Ir­ish in Amer­ica step up ef­forts to se­cure visa deal

Pro­posed scheme would see E3 visa ex­tended to Ir­ish cit­i­zens

The Irish Times - - World News - Suzanne Lynch

As Wash­ing­ton con­tin­ues to dis­sect the re­sults of Tues­day’s midterm elec­tions, which saw the House of Rep­re­sen­ta­tives re­turn to Demo­cratic power for the first time in eight years, Ir­ish eyes in the US cap­i­tal are fo­cused on an­other mat­ter.

The next two months – known as the “lame-duck” ses­sion as the cur­rent Con­gress sits out its fi­nal weeks – of­fers the best op­por­tu­nity in some time to se­cure a visa deal for Ir­ish cit­i­zens.

Be­hind-the-scenes dis­cus­sions are un­der way to clinch an agree­ment that would see the E3 visa scheme, which only ap­plies to Aus­tralians, ex­tended to Ir­ish cit­i­zens.

Aus­tralia, an im­por­tant mil­i­tary ally of the US, se­cured the cov­eted visa pro­gramme in 2005 as part of a US-Aus­tralia trade deal. It was widely seen as a thank you by the US to Aus­tralia for its par­tic­i­pa­tion in Iraq and Afghanistan.

More than a decade later, Aus­tralians are not tak­ing up the full al­lo­ca­tion of 10,500 visas of­fered each year. Ire­land senses an op­por­tu­nity.

In the fi­nal days of the last con­gres­sional ses­sion be­fore mem­bers re­turned to their dis­tricts for the midterms, two mem­bers of Con­gress – Repub­li­can Jim Sensen­bren­ner and Demo­crat Richard Neal – in­tro­duced a Bill to the house. A vote could take place as early as next week when mem­bers of Con­gress re­con­vene on Capi­tol Hill.

Spe­cial en­voy

John Deasy, the spe­cial en­voy to the US who has been work­ing on the pro­posal with the De­part­ment of For­eign Af­fairs in Wash­ing­ton, and Ire­land’s sen­a­tor for the di­as­pora, Billy Law­less, says the Bill will be dealt with un­der a pro­ce­dure known as “Sus­pen­sion of the Rules” which al­lows the House to process non-con­tentious mea­sures swiftly.

“The E3 Bill as drafted is be­ing viewed as a non-con­tentious mea­sure by both Democrats and Repub­li­cans,” he says. “Hav­ing two long-serv­ing and re­spected mem­bers of Con­gress from dif­fer­ent sides of the aisle in­tro­duce it jointly bears that out.”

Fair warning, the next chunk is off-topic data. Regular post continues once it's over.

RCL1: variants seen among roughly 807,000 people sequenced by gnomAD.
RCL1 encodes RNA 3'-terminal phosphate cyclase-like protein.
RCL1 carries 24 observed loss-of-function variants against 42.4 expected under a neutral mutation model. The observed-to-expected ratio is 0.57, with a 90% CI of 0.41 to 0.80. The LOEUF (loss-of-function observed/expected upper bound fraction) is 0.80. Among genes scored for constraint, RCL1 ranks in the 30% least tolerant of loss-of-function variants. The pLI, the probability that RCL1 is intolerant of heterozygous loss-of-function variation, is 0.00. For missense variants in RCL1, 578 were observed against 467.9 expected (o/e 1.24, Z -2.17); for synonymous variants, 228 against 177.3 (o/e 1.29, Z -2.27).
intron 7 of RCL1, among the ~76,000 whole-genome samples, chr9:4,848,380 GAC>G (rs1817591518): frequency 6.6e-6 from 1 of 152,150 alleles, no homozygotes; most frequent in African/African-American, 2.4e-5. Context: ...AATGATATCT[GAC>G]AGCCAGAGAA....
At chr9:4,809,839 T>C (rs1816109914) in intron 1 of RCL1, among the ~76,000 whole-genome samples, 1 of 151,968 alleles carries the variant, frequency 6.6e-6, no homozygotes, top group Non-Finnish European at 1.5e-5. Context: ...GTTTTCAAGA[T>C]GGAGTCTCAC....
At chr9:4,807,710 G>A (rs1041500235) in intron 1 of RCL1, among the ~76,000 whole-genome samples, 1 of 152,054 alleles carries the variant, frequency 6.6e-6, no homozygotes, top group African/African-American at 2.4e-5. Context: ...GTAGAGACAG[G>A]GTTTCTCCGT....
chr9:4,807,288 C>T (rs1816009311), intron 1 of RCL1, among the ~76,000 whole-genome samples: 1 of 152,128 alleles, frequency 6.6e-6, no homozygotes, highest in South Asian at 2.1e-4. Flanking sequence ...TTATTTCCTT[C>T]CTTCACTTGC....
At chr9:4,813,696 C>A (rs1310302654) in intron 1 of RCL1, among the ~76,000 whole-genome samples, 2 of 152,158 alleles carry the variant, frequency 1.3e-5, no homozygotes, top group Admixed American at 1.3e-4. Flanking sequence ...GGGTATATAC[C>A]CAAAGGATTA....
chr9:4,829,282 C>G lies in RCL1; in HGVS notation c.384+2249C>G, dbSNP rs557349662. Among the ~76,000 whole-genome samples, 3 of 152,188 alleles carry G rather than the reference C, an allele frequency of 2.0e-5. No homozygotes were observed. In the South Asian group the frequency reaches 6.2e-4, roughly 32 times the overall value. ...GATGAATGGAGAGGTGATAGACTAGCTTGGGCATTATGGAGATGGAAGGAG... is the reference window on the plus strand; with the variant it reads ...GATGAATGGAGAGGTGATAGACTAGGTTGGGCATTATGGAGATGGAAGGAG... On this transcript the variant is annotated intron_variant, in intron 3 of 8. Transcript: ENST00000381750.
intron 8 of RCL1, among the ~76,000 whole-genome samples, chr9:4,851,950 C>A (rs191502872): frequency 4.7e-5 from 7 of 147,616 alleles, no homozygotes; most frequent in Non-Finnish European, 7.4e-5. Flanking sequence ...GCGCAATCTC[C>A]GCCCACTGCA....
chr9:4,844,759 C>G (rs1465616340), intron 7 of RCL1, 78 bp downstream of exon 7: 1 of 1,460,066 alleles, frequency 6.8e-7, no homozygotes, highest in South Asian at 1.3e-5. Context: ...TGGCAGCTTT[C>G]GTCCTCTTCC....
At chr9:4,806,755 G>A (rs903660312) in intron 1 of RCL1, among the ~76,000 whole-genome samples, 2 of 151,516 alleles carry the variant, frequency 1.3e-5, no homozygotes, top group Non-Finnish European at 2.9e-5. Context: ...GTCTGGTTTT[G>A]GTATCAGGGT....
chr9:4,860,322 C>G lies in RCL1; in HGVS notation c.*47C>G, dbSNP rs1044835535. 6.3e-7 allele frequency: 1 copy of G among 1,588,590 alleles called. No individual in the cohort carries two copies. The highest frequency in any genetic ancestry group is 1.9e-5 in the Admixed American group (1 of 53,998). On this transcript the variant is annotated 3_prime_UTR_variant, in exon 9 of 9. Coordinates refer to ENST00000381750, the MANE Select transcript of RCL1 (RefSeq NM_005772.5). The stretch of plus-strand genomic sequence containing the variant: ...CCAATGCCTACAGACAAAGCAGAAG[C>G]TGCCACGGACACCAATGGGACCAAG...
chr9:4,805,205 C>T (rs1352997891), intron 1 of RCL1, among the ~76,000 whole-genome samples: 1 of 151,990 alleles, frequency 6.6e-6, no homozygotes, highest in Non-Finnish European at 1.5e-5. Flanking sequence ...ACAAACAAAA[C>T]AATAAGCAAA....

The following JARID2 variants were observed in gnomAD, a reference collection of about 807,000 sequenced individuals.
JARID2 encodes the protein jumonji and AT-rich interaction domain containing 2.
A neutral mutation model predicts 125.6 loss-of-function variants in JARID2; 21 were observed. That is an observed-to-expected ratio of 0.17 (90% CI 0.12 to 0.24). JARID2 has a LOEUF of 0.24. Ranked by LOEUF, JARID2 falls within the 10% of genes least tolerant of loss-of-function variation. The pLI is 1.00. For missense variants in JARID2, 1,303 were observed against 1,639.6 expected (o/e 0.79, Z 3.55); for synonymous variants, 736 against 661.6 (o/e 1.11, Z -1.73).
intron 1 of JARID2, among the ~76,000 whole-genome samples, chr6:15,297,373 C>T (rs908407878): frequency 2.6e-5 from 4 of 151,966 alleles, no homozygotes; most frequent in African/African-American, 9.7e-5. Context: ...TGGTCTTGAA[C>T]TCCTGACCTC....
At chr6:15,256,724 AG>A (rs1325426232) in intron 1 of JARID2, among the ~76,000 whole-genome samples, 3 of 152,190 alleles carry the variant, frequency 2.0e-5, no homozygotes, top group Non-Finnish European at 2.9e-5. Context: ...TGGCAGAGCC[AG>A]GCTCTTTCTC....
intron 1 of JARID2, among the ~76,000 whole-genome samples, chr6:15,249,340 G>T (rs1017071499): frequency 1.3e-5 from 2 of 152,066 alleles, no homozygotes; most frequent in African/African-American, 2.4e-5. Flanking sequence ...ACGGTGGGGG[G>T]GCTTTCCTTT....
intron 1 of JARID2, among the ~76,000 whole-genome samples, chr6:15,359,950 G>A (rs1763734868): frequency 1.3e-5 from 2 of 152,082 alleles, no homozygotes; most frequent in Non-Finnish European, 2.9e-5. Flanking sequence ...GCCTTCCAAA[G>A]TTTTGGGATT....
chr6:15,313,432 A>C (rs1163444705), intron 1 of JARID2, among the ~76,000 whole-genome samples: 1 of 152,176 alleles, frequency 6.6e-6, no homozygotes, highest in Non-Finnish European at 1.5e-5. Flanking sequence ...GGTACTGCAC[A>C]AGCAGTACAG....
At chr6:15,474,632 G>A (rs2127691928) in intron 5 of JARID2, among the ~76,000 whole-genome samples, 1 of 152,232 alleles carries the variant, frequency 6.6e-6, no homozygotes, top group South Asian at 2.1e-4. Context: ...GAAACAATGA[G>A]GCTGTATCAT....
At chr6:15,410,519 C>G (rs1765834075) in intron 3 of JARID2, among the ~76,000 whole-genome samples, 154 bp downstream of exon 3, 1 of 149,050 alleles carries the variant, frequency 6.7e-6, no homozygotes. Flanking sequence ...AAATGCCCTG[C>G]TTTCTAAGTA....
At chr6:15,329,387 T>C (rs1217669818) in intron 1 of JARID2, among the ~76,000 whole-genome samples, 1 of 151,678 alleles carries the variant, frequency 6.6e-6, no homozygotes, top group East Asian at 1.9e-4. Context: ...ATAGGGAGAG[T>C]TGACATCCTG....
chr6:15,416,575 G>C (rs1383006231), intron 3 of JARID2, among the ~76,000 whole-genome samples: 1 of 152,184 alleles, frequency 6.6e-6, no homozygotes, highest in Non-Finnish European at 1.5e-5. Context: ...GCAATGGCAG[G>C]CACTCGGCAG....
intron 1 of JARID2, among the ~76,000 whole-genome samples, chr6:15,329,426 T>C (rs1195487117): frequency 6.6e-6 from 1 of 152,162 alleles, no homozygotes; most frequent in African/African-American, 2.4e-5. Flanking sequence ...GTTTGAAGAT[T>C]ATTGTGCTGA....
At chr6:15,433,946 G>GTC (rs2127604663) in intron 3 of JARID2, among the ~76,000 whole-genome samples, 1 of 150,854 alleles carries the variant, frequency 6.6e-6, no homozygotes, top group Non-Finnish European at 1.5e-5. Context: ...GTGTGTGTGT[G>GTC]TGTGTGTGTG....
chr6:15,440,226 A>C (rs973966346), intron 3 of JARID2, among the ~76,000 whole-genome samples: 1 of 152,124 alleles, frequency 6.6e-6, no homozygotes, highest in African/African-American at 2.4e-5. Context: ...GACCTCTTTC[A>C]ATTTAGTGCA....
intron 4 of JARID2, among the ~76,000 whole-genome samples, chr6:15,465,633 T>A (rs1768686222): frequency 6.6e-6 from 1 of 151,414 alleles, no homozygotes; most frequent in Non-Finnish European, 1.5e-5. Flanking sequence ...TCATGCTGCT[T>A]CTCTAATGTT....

But there are many ob­sta­cles to a deal. Firstly, any Bill must be en­dorsed by the Se­nate and needs unan­i­mous ap­proval.

Se­condly, there is the ques­tion of the un­doc­u­mented Ir­ish. The Bill in its cur­rent form re­lates to fu­ture flows of Ir­ish peo­ple who want to live and work in the United States, but sources say there could be room for ne­go­ti­a­tion on the is­sue fur­ther down the line.

Un­doc­u­mented

Ciaran Staunton of the Ir­ish Lobby for Im­mi­gra­tion Re­form says he is wait­ing to see de­tails of the Bill. “While any new visa is wel­come, and we sup­port any op­por­tu­nity for Ir­ish peo­ple to live and work in the United States, we would hope that there is some­thing for the un­doc­u­mented on this,” he says.

Diplo­mats are also sound­ing cau­tion. Ire­land has seen sim­i­lar ini­tia­tives brought for­ward be­fore, only to be thwarted at the last mo­ment.

The Se­nate passed a com­pre­hen­sive im­mi­gra­tion re­form Bill in 2013, but it failed in the House. Sim­i­larly, a 2015 pro­posal on ex­tend­ing the E3 visa to Ire­land did not se­cure enough con­gres­sional sup­port.

This time, of­fi­cials are also work­ing on a pro­posal to make it eas­ier for Amer­i­can re­tirees to move to Ire­land, by low­er­ing the in­come thresh­old re­quired and per­mit­ting Amer­i­cans to work for up to 20 hours a week.

What­ever hap­pens in the com­ing weeks, the quest for a new visa pro­gramme for Ir­ish cit­i­zens should con­tinue. The visa, which is seen as an al­ter­na­tive to the H-1B visa, is a two-year re­new­able visa which cov­ers spouses. It is also less costly to se­cure than the H-1B pro­fes­sional visa. Up to 5,000 visas a year could be made avail­able to Ir­ish cit­i­zens.

New paths

With the num­ber of Ir­ish peo­ple choos­ing to live and work in the United States on a steady de­cline for years, se­cur­ing new em­i­gra­tion paths is cru­cial if Ire­land wants to con­tinue the deep cul­tural and eco­nomic links be­tween Ire­land and Amer­ica.

Next week the heads of Ire­land’s diplo­matic mis­sions across North Amer­ica will gather in Wash­ing­ton. The an­nual gath­er­ing comes af­ter the Cab­i­net in Dublin was briefed last week on the new Ire­land-US strat­egy, part of the Gov­ern­ment’s ef­fort to dou­ble Ire­land’s global foot­print by 2025.

Among the pro­pos­als are to in­vite more Amer­i­can politi­cians to visit Ire­land, and step up en­gage­ment with con­tacts on Capi­tol Hill – a strat­egy be­ing pur­sued by the em­bassy in Wash­ing­ton for many years.

Given that the United States is Ire­land’s num­ber one trad­ing part­ner out­side the EU, nur­tur­ing the Ir­ish-US re­la­tion­ship should be a key diplo­matic pri­or­ity in the years ahead.

While any new visa is wel­come, and we sup­port any op­por­tu­nity for Ir­ish peo­ple to live and work in the US, we hope there is some­thing for the un­doc­u­mented on this

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